Engineer 1 visits the headquarter office and meets a VP at the elevator. The engineer doesn’t know that this is a VP.

Engineer in a very peaceful and pleasant voice: “Hi, how are you? My name is X. I am visiting from another office. This is my first time here. You must be very lucky to work in this nice office.”

VP: “Thank you. Yes, it’s a nice office. What team are you in?”

Engineer: “I am on team Y.”

VP: “It is a great team. You guys are working on some cool project.”

The elevator comes to a stop and they wish each other well.

Later on, when the engineer find out that he talked to a VP, he hopes that he didn’t say anything stupid.

At the end of the day, the engineer takes the elevator to go home and meets the VP again.

Knowing that he’s in the same elevator with a VP, the engineer becomes very uncomfortable. The VP is friendly like he was in the morning and is glad to see his new friend again. Fear grows inside the engineer. He’s intimidated. He just says “Hi” and couldn’t open his mouth anymore.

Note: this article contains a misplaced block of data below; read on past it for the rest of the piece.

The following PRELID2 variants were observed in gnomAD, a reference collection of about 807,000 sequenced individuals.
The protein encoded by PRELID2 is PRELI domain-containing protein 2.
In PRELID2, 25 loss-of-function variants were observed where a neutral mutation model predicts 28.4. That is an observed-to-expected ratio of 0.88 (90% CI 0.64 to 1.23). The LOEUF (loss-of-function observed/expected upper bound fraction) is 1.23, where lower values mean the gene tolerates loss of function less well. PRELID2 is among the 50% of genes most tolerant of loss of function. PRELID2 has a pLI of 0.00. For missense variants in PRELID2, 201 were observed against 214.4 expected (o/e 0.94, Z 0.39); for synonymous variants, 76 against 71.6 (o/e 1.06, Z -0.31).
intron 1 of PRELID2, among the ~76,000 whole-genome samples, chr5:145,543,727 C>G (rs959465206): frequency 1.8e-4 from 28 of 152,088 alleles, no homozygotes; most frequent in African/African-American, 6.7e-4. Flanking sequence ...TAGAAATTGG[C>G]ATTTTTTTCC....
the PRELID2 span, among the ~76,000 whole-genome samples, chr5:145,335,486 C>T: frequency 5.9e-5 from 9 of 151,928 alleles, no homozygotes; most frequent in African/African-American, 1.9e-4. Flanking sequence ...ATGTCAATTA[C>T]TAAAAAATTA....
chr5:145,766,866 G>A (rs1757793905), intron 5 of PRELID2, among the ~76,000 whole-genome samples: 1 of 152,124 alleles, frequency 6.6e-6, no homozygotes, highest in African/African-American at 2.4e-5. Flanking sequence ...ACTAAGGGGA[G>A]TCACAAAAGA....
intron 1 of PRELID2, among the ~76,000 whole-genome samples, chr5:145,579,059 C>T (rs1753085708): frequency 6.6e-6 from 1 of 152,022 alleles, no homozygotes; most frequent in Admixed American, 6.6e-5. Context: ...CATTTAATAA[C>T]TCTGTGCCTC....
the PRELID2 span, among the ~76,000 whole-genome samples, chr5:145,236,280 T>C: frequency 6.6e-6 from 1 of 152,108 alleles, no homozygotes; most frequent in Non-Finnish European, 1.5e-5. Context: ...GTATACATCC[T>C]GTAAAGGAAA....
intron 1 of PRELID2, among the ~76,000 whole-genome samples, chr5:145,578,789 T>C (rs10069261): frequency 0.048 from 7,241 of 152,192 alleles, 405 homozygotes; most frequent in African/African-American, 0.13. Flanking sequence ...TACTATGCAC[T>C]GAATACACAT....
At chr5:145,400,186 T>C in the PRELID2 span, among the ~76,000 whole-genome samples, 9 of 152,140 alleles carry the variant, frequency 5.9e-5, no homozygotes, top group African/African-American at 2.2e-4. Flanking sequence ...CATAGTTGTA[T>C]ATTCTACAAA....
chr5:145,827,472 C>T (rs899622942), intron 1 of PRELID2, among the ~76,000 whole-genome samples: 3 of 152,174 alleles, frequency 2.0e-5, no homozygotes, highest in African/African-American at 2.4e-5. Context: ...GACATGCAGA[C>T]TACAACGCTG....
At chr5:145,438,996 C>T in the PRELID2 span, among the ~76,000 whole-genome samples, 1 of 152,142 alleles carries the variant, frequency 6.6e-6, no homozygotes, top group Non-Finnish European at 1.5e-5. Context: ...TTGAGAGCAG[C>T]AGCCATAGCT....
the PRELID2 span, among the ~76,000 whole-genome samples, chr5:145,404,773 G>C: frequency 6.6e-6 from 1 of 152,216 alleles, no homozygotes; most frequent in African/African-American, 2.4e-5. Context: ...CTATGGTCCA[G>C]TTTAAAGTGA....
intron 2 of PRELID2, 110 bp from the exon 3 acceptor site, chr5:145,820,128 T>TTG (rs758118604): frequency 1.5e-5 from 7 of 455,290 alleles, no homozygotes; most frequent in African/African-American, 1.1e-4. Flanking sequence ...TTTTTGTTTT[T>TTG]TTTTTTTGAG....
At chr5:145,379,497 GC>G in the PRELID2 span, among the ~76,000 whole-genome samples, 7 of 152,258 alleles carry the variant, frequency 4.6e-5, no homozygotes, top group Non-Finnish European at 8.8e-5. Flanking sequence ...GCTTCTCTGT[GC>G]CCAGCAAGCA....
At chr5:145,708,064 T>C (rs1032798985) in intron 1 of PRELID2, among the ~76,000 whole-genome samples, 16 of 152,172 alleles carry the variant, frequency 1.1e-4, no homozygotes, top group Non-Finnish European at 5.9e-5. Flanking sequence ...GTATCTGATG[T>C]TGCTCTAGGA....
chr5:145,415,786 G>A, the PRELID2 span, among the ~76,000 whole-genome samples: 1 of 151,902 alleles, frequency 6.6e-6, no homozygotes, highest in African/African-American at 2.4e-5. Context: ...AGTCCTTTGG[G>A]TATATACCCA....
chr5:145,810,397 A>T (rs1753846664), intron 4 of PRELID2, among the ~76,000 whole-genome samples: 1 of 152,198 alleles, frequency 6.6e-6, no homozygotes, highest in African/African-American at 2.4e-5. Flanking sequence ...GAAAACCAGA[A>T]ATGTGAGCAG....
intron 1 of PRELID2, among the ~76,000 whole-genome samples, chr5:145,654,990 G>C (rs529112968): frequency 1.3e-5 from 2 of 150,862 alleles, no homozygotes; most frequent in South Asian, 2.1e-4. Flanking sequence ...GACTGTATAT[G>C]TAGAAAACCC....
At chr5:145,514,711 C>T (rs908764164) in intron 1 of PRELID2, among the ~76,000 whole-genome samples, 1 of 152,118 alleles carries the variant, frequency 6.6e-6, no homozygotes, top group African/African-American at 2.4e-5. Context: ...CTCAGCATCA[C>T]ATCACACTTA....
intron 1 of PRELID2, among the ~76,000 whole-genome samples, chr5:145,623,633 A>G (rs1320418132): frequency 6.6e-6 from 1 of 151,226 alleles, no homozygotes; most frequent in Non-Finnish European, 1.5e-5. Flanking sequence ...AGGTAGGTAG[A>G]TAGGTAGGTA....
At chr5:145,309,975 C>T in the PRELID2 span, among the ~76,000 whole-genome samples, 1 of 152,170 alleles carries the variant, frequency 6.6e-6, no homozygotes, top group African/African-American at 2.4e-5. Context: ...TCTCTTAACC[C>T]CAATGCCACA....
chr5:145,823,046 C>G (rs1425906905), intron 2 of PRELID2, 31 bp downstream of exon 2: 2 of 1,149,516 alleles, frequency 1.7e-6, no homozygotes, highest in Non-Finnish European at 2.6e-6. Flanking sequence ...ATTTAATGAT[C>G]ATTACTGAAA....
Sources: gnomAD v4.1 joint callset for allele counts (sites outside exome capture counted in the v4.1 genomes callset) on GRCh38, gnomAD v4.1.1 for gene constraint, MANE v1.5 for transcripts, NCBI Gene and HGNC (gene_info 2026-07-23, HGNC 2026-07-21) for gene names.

It’s the same person this engineer meets in two different circumstances. The engineer lets the title and formal position intimidate him. He’s no longer free like he was in the morning.

This is a common mistake people in workplace make. They assign power and authority to someone’s title. They let titles control how they talk to someone.

A title doesn’t make someone a leader. A position doesn’t make someone a leader. What make someone a leader is influence. Influence is earned. Don’t assign power, influence, authority to someone with a title. More importantly, treat everyone you meet like a human being.


Posted by Hoan M Do

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